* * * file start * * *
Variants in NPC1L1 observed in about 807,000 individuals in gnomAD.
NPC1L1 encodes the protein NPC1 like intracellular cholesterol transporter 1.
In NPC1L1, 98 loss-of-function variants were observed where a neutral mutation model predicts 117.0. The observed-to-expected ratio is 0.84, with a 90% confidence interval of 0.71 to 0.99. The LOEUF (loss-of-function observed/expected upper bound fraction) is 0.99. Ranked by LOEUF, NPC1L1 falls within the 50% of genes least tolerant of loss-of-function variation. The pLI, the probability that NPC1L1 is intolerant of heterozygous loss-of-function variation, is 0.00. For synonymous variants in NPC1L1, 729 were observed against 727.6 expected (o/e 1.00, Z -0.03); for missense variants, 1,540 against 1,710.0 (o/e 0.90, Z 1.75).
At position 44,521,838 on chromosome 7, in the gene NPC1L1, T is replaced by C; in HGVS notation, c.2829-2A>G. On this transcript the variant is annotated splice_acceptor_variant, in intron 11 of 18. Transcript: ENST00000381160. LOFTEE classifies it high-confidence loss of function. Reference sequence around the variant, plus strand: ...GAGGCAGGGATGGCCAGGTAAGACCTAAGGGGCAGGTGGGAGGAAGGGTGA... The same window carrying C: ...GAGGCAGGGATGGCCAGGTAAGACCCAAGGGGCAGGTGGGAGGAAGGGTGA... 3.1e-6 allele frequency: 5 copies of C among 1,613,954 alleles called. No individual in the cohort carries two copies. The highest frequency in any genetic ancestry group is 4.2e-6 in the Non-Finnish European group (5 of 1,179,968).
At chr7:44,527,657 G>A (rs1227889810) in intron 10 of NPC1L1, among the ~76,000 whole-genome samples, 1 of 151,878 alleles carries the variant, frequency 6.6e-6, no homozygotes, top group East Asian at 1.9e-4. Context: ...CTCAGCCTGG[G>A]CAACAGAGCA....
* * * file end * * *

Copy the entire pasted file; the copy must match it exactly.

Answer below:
Variants in NPC1L1 observed in about 807,000 individuals in gnomAD.
NPC1L1 encodes the protein NPC1 like intracellular cholesterol transporter 1.
In NPC1L1, 98 loss-of-function variants were observed where a neutral mutation model predicts 117.0. The observed-to-expected ratio is 0.84, with a 90% confidence interval of 0.71 to 0.99. The LOEUF (loss-of-function observed/expected upper bound fraction) is 0.99. Ranked by LOEUF, NPC1L1 falls within the 50% of genes least tolerant of loss-of-function variation. The pLI, the probability that NPC1L1 is intolerant of heterozygous loss-of-function variation, is 0.00. For synonymous variants in NPC1L1, 729 were observed against 727.6 expected (o/e 1.00, Z -0.03); for missense variants, 1,540 against 1,710.0 (o/e 0.90, Z 1.75).
At position 44,521,838 on chromosome 7, in the gene NPC1L1, T is replaced by C; in HGVS notation, c.2829-2A>G. On this transcript the variant is annotated splice_acceptor_variant, in intron 11 of 18. Transcript: ENST00000381160. LOFTEE classifies it high-confidence loss of function. Reference sequence around the variant, plus strand: ...GAGGCAGGGATGGCCAGGTAAGACCTAAGGGGCAGGTGGGAGGAAGGGTGA... The same window carrying C: ...GAGGCAGGGATGGCCAGGTAAGACCCAAGGGGCAGGTGGGAGGAAGGGTGA... 3.1e-6 allele frequency: 5 copies of C among 1,613,954 alleles called. No individual in the cohort carries two copies. The highest frequency in any genetic ancestry group is 4.2e-6 in the Non-Finnish European group (5 of 1,179,968).
At chr7:44,527,657 G>A (rs1227889810) in intron 10 of NPC1L1, among the ~76,000 whole-genome samples, 1 of 151,878 alleles carries the variant, frequency 6.6e-6, no homozygotes, top group East Asian at 1.9e-4. Context: ...CTCAGCCTGG[G>A]CAACAGAGCA....